Monday, June 6, 2016

Playing the Really Evil Villain

A woman goes to her brother-in-law's funeral. There she meets a friend of the family, a man that she doesn't know. They talk, they laugh, and the woman finds herself really liking this man. However, at some point she loses track of the man and never gets his name, number, and no one seems to know who he is.  A week later, the woman kills her sister. Why?

If you don't know the answer, it is because most people have a part of their reasoning that discounts certain solutions to problems because they don't make sense. In this case, you might have missed the logic that the woman kills her sister so there will be another funeral, and she can find this man again. This solution seems unreasonable, so most folks can't find their way to it easily.

True evil is like this woman. It doesn't place the same weight on things as we do. What seems completely unreasonable to a normal person, seems like a logical solution to evil. Because most GMs are reasonable people (despite what their players may sometimes think!) they have a hard time bringing evil to the table.

Here are a few things to keep in mind when you bring a truly evil NPC into your game:

  1. Evil lacks empathy. Evil doesn't care about any other given person like a reasonable person. They consider others much like a normal person considers an insect just before they stomp on it.
  2. Evil doesn't care about fair. There is no fair fight. There is no line that cannot be crossed. How do they prefer to beat the PCs? With a club while they sleep.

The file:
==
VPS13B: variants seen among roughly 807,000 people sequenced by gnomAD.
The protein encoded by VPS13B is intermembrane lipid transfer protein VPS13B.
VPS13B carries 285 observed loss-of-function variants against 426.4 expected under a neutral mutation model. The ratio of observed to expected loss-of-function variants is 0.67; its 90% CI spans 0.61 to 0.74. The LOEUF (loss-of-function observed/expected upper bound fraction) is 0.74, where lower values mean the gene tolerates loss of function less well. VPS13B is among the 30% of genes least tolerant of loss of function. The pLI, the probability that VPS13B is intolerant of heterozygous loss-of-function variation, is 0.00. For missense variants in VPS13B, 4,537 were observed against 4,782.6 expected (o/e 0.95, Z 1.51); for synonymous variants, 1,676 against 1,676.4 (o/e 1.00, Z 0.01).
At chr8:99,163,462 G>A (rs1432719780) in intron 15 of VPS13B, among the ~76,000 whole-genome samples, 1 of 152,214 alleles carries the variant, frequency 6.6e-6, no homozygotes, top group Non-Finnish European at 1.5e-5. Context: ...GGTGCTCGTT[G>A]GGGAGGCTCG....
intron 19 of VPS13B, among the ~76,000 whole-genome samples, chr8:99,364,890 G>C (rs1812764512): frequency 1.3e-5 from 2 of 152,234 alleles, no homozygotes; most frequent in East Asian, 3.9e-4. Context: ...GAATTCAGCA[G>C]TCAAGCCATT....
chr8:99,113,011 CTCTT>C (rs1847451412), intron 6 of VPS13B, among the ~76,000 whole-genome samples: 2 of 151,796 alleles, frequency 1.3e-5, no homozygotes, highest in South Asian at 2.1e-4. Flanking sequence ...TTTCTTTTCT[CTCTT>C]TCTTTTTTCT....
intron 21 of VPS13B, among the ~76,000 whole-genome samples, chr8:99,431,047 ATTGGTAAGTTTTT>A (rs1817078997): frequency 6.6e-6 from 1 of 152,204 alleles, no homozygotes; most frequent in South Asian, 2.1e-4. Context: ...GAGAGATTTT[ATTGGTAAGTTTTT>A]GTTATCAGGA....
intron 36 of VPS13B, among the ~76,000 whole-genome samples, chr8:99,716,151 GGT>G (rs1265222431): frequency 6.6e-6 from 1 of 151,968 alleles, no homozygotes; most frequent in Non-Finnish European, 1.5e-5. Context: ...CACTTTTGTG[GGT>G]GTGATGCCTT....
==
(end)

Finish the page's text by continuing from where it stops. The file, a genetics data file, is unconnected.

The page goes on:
3. Evil has motivation, often more and stronger motivation that normal folks. They assume their view of the world is shared by others, and they don't want to be an insect under another person's boot.
  4. Evil is often intertwined with vengeance, anger, lust for power, a desire for violence. These other emotions often are weaknesses of the villain.
  5. Evil is often rationalized. There is a good reason they are doing these things in their own mind.
  6. Evil corrupts. Evil will take whatever actions necessary to gain leverage and make others fight their battles. Any good PC or NPC is fair game for evil to turn. This is a good way to introduce a twist into a plot.
  7. Evil isn't stupid. Stupid evil gets caught before it is a threat. Those that survive long enough to become a villain in your story already have enough power, influence, money, and/or intelligence to be a real threat. Play it up.
  8. There is always a bigger evil, and evil folks rarely get along. Evil doesn't necessarily make allies with evil. Those who work for a villain aren't a threat. Those who aren't under the villain's thumb are a threat.
It is a good thing that these things don't come naturally to most folks. We are good GMs. Sometimes, though, we can work to bring a bit of evil into our games.